Countless days had passed, and still the white albatross followed the fast three-mast clipper with course Cape Horn. When the sails began to fill with strong winds and the first salty spray reached the wooden planks of the front deck, the ship began to roll. In the narrow galley, the pots slipped off the stove to the smut. Only the loud howling and roaring of the wind prevented the curses of the ship’s cook from mixing with those of the sailors on deck. They covered the white albatross far behind the keel with indecent curses, because he, the big, silent glider, was to blame for the storm near Cape Horn – who else!
Since time immemorial, legends and myths have been swirling around the wandering albatross, the largest flying bird on earth. When the explorers of the stormy seas came home, they told with a certain shyness of large birds far, far from land. And with respect and reverence, there was always a disturbing sense of fear in those stories. Albatrosses often appeared in the Southern Ocean during large storms. Therefore, the crews of the old sailing ships spoke of the “Albatross-latitudes” as soon as their clippers had reached the zones of the roaring forties and the furious fifties (about at Cape Horn). The ancient mariners blamed the albatross for the bad weather, and some of these birds even lost their lives because mariners shot them out of superstitions in the hope that the storm would settle down.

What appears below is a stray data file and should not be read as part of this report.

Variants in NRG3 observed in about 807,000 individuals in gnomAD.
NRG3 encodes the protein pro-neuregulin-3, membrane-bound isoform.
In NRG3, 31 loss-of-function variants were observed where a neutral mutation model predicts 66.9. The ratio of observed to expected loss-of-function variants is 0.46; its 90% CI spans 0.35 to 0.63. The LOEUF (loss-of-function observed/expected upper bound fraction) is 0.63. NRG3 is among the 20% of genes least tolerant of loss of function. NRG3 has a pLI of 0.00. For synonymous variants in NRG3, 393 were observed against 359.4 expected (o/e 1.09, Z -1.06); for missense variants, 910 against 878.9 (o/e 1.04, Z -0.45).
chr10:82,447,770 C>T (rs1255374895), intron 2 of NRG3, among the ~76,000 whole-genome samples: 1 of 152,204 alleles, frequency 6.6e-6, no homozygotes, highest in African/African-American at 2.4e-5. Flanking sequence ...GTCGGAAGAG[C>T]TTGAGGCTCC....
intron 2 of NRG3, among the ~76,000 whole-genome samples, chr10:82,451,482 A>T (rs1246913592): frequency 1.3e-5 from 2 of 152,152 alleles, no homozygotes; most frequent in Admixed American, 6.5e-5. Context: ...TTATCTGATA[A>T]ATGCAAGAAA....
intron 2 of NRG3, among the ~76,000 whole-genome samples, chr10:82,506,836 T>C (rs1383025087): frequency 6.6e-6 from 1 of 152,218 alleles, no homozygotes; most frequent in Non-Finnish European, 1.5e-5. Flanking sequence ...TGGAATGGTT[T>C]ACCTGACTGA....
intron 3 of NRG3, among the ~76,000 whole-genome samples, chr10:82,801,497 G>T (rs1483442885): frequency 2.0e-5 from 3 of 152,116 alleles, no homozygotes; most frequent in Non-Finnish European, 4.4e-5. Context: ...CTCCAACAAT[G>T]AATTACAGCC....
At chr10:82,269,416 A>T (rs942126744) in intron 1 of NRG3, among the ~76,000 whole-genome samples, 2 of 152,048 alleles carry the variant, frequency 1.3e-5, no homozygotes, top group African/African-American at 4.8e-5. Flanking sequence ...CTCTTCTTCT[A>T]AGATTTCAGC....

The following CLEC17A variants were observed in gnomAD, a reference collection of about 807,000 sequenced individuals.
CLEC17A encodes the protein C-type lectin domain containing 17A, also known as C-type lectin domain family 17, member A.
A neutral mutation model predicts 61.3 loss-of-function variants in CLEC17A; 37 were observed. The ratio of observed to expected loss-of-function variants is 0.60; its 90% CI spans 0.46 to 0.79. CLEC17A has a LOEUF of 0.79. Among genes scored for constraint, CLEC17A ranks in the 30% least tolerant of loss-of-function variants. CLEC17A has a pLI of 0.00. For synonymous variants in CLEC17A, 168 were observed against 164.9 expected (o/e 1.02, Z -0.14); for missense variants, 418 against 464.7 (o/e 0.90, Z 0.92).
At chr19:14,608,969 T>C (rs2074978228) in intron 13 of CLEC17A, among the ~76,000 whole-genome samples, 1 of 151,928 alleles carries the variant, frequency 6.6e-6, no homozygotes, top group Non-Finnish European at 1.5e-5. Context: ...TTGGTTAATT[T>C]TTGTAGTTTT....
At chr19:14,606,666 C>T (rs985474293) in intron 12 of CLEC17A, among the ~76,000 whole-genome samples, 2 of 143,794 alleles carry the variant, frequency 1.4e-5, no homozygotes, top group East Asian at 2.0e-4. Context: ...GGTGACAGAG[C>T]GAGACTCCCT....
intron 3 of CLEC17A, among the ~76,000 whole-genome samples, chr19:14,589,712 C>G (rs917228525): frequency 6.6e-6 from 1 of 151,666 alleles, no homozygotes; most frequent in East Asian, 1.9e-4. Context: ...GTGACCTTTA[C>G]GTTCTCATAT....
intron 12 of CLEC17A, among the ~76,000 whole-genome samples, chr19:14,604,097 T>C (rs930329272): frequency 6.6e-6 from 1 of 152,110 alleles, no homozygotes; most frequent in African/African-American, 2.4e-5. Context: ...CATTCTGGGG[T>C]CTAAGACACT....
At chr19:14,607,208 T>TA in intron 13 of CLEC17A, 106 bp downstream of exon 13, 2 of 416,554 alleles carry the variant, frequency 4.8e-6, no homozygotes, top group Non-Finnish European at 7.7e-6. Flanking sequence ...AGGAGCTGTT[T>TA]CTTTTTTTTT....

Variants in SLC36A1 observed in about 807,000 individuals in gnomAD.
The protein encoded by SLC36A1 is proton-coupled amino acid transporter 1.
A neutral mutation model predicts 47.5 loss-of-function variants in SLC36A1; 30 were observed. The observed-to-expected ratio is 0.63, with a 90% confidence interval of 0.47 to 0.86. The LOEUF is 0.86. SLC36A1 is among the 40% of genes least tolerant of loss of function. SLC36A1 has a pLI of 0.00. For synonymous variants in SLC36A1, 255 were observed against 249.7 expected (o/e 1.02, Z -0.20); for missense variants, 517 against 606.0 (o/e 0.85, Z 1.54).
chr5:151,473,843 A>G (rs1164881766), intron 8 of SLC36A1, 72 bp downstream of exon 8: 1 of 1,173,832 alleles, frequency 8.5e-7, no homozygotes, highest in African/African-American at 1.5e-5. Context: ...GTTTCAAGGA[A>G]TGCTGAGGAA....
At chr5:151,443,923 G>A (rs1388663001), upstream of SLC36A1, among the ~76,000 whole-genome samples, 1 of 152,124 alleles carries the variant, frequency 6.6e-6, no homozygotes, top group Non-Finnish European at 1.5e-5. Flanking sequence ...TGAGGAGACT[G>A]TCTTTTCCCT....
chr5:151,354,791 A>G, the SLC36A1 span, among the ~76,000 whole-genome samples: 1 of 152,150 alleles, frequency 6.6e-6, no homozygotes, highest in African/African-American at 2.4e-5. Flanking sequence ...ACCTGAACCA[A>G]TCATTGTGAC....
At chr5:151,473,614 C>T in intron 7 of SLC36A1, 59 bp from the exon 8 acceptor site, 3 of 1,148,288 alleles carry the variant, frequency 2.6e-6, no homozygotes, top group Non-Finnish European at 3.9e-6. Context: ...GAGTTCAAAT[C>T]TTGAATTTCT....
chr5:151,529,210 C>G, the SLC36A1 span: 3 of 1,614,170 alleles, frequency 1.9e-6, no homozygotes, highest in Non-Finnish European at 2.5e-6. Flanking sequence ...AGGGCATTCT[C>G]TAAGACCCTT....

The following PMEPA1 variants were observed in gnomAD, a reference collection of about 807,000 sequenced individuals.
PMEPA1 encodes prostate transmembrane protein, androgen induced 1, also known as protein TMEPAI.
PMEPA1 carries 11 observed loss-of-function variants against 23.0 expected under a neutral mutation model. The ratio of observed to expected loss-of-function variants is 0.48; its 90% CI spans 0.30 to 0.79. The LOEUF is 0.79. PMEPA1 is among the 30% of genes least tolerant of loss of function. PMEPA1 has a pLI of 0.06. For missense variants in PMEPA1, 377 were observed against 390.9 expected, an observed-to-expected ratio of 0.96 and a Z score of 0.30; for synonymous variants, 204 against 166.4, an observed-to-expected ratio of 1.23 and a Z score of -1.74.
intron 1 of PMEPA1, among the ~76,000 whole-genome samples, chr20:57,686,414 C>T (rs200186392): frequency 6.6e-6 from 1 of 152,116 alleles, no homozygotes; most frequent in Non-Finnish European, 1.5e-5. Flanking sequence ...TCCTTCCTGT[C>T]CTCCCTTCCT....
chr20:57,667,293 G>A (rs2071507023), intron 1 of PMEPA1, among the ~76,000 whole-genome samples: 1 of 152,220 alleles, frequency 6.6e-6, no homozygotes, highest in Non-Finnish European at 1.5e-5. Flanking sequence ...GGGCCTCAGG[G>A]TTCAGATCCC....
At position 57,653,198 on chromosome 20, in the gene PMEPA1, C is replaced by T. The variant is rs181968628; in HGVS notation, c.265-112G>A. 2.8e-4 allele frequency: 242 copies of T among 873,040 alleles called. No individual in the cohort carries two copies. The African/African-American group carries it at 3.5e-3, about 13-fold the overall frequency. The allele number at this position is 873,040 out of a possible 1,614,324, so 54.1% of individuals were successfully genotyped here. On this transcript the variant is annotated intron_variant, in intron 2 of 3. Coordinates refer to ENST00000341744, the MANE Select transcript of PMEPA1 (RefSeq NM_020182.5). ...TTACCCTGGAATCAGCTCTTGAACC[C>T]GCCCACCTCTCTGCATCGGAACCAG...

Other sailors, on the other hand, suspected that albatrosses carry the souls of drowned colleagues with them, and they would never have hurt an albatross in their life. The nautical profession of the provisions master also knew how to tell stories about the albatross. Underpaid and constantly concerned for their accounting records (they could have been destroyed in naval battles, eaten by rats or soaked by the storm…), the provion master was also met with a constant deep distrust of the sailors. All superstitious people were sure that the albatross would embody the soul of a deceased provision master who constantly follows his old ship and hopes to continue to plague the crew with even more fraud and stinginess.